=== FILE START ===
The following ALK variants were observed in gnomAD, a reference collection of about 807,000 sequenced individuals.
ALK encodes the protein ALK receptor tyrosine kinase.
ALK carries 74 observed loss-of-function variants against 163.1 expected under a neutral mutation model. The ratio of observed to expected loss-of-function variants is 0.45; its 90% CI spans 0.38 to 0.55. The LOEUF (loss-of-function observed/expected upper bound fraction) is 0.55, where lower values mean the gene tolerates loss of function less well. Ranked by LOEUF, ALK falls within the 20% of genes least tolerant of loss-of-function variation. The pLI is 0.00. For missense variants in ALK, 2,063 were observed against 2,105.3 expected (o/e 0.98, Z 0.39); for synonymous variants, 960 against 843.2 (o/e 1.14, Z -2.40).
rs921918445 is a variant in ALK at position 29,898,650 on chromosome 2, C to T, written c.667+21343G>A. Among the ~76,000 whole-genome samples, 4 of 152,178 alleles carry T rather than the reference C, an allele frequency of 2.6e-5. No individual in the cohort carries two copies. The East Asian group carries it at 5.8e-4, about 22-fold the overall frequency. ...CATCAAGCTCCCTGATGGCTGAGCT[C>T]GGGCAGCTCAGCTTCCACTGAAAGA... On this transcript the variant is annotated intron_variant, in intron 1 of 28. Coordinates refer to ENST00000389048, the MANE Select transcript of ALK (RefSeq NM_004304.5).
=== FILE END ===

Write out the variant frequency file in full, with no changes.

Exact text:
The following ALK variants were observed in gnomAD, a reference collection of about 807,000 sequenced individuals.
ALK encodes the protein ALK receptor tyrosine kinase.
ALK carries 74 observed loss-of-function variants against 163.1 expected under a neutral mutation model. The ratio of observed to expected loss-of-function variants is 0.45; its 90% CI spans 0.38 to 0.55. The LOEUF (loss-of-function observed/expected upper bound fraction) is 0.55, where lower values mean the gene tolerates loss of function less well. Ranked by LOEUF, ALK falls within the 20% of genes least tolerant of loss-of-function variation. The pLI is 0.00. For missense variants in ALK, 2,063 were observed against 2,105.3 expected (o/e 0.98, Z 0.39); for synonymous variants, 960 against 843.2 (o/e 1.14, Z -2.40).
rs921918445 is a variant in ALK at position 29,898,650 on chromosome 2, C to T, written c.667+21343G>A. Among the ~76,000 whole-genome samples, 4 of 152,178 alleles carry T rather than the reference C, an allele frequency of 2.6e-5. No individual in the cohort carries two copies. The East Asian group carries it at 5.8e-4, about 22-fold the overall frequency. ...CATCAAGCTCCCTGATGGCTGAGCT[C>T]GGGCAGCTCAGCTTCCACTGAAAGA... On this transcript the variant is annotated intron_variant, in intron 1 of 28. Coordinates refer to ENST00000389048, the MANE Select transcript of ALK (RefSeq NM_004304.5).